Increasing the availability of health workers in rural sub-Saharan Africa: a scoping review of rural pipeline programmes

D Kolié, R Van De Pas, L Codjia, P Zurn

Research output: Contribution to journalReviewpeer-review


Rural pipeline approach has recently gain prominent recognition in improving the availability of health workers in hard-to-reach areas such as rural and poor regions. Understanding implications for its successful implementation is important to guide health policy and decision-makers in Sub-Saharan Africa. This review aims to synthesize the evidence on rural pipeline implementation and impacts in sub-Saharan Africa.

We conducted a scoping review using Joanna Briggs Institute guidebook. We searched in PubMed and Google scholar databases and the grey literature. We conducted a thematic analysis to assess the studies. Data were reported following the PRISMA extension for Scoping reviews guidelines.

Of the 443 references identified through database searching, 22 met the inclusion criteria. Rural pipeline pillars that generated impacts included ensuring that more rural students are selected into programmes; developing a curriculum oriented towards rural health and rural exposure during training; curriculum oriented to rural health delivery; and ensuring retention of health workers in rural areas through educational and professional support. These impacts varied from one pillar to another and included: increased in number of rural health practitioners; reduction in communication barriers between healthcare providers and community members; changes in household economic and social circumstances especially for students from poor family; improvement of health services quality; improved health education and promotion within rural communities; and motivation of community members to enrol their children in school. However, implementation of rural pipeline resulted in some unintended impacts such as perceived workload increased by trainee’s supervisors; increased job absenteeism among senior health providers; patients’ discomfort of being attended by students; perceived poor quality care provided by students which influenced health facilities attendance. Facilitating factors of rural pipeline implementation included: availability of learning infrastructures in rural areas; ensuring students’ accommodation and safety; setting no age restriction for students applying for rural medical schools; and appropriate academic capacity-building programmes for medical students. Implementation challenges included poor preparation of rural health training schools’ candidates; tuition fees payment; limited access to rural health facilities for students training; inadequate living and working conditions; and perceived discrimination of rural health workers.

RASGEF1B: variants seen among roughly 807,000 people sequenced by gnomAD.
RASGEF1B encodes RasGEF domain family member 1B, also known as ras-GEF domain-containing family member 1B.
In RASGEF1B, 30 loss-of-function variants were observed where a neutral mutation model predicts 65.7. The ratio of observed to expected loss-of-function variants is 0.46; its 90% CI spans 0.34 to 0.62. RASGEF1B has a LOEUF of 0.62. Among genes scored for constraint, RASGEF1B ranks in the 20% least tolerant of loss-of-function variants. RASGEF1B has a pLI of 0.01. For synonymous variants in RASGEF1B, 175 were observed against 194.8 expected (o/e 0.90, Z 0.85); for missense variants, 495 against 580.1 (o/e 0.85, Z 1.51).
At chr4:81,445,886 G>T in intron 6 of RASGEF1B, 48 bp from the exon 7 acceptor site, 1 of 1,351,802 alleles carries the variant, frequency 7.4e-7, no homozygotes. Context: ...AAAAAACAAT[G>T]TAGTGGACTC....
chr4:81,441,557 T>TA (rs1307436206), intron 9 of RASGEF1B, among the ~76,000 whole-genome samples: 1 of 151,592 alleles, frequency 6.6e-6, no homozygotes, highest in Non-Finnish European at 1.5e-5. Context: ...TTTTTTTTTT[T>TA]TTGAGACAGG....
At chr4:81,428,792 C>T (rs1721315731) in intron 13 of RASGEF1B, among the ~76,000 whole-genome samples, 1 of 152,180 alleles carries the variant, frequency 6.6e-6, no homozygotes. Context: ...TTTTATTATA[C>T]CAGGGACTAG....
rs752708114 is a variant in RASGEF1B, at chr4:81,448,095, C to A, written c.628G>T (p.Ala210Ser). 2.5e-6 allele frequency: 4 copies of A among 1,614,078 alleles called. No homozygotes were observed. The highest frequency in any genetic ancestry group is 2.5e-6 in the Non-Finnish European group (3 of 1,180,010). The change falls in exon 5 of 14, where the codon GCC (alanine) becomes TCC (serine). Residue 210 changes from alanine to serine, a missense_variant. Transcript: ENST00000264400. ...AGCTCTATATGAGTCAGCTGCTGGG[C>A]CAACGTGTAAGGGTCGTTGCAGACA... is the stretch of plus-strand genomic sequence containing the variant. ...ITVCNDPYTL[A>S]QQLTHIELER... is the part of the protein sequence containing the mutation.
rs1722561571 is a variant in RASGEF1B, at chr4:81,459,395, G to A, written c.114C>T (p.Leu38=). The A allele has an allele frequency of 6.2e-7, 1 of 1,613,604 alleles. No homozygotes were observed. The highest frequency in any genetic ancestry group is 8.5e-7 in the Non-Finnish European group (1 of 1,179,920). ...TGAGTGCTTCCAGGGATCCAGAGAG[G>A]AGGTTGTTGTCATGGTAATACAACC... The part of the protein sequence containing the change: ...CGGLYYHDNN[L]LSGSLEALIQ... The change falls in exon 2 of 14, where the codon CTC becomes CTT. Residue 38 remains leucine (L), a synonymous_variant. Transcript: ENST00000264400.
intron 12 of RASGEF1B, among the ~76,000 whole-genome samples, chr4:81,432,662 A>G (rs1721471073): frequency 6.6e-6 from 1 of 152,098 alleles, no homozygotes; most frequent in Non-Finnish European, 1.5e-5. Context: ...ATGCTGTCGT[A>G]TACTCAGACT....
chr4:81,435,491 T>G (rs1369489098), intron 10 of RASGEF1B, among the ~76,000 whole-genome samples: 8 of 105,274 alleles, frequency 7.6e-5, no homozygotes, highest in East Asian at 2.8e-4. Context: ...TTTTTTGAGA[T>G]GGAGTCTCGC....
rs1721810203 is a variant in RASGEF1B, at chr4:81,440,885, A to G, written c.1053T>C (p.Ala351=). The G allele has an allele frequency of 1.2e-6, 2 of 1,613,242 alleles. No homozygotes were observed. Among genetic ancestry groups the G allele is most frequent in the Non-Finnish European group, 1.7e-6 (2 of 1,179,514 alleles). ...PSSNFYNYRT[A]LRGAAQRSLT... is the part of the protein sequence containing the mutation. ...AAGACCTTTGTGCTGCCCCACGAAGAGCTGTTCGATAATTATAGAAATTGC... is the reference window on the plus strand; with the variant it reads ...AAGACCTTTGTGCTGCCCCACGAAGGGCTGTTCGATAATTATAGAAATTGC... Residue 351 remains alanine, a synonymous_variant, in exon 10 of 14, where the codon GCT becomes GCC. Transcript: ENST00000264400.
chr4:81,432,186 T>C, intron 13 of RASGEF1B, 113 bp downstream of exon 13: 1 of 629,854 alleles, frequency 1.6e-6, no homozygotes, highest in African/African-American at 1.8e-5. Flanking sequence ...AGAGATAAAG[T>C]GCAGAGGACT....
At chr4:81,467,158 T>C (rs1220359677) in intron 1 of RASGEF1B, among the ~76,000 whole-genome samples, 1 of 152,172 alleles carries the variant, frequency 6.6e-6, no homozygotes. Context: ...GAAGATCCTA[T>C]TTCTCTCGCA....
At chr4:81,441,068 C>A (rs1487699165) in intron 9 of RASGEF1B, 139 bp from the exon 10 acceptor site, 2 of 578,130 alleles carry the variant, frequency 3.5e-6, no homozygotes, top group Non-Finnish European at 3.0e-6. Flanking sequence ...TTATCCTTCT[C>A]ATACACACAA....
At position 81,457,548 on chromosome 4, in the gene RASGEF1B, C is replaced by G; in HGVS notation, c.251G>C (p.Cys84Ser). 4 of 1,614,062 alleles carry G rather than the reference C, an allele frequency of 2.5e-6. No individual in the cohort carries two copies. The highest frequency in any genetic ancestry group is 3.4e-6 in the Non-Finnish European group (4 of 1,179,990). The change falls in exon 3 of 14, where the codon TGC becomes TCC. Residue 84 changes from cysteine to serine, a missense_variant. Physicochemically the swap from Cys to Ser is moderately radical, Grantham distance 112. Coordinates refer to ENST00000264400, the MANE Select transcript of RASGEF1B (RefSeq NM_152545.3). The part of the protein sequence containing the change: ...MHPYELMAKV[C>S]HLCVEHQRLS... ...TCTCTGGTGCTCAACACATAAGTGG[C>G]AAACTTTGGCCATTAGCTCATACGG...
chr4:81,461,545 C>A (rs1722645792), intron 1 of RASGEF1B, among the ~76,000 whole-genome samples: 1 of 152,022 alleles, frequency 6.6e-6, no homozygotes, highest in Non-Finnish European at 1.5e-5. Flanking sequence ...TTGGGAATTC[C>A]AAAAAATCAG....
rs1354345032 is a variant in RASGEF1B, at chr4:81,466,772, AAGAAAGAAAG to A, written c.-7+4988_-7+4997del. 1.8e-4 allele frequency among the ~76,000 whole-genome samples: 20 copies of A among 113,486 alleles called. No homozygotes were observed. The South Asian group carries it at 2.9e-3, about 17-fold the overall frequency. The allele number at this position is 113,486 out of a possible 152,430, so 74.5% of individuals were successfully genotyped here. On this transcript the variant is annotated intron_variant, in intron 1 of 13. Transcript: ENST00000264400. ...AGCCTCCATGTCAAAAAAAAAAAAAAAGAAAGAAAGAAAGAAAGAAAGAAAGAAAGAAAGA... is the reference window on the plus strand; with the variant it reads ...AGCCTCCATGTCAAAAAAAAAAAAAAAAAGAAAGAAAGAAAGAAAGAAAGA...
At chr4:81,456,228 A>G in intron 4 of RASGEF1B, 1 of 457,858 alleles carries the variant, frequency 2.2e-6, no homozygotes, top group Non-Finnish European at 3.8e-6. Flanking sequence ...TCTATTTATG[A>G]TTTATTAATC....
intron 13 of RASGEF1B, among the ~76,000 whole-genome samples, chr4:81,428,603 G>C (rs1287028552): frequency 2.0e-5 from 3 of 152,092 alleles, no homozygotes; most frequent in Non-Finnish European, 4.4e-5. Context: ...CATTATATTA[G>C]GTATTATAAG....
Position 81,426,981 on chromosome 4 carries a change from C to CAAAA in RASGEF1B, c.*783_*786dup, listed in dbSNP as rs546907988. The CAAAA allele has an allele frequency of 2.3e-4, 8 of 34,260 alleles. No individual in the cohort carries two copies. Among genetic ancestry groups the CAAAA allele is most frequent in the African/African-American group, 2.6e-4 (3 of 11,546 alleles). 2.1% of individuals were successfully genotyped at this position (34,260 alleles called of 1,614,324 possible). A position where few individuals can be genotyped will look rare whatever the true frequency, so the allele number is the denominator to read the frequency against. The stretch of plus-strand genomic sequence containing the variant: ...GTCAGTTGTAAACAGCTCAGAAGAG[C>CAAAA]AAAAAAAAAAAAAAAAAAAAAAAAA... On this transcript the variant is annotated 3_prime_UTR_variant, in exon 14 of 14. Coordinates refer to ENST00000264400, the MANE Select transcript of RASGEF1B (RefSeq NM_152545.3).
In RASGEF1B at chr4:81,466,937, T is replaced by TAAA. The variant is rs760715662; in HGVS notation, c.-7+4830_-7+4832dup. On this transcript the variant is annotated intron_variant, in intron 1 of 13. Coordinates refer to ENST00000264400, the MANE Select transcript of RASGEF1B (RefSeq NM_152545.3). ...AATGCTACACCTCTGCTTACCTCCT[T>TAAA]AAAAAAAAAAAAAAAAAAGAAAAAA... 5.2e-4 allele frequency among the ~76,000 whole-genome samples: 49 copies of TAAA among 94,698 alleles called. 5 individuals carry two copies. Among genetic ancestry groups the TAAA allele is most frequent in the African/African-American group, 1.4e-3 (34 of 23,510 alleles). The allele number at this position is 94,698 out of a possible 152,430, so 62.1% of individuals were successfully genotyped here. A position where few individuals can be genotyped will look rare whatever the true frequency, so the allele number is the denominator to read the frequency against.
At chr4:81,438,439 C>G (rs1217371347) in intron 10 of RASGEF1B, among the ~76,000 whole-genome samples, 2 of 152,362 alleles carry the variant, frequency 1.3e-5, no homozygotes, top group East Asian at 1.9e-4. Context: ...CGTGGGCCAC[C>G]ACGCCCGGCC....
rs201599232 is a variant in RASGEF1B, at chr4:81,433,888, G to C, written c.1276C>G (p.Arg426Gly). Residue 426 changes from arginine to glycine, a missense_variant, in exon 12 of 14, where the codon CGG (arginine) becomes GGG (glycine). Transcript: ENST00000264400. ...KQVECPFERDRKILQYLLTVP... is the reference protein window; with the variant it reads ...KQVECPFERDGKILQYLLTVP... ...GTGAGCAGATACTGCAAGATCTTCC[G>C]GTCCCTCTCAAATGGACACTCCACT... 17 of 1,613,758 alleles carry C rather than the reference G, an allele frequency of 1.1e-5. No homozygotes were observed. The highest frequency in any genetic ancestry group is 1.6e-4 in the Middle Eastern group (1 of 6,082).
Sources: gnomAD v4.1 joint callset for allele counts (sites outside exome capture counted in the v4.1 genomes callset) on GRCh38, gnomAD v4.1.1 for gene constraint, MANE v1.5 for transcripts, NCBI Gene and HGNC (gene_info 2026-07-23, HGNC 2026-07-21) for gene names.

This review advocates for combined implementation of rural pipeline pillars, taking into account the specificity of country context. Policy and decision-makers in sub-Saharan Africa should extend rural training programmes to involve nurses, midwives and other allied health professionals. Decision-makers in sub-Saharan Africa should also commit more for improving rural living and working environments to facilitate the implementation of rural health workforce development programmes.
Original languageEnglish
Article number20
JournalHuman Resources for Health
Number of pages33
Publication statusPublished - 2023


  • Health workers
  • Medical education reforms
  • Rural pipeline programmes
  • Scoping review
  • Sub-Saharan Africa


Dive into the research topics of 'Increasing the availability of health workers in rural sub-Saharan Africa: a scoping review of rural pipeline programmes'. Together they form a unique fingerprint.

Cite this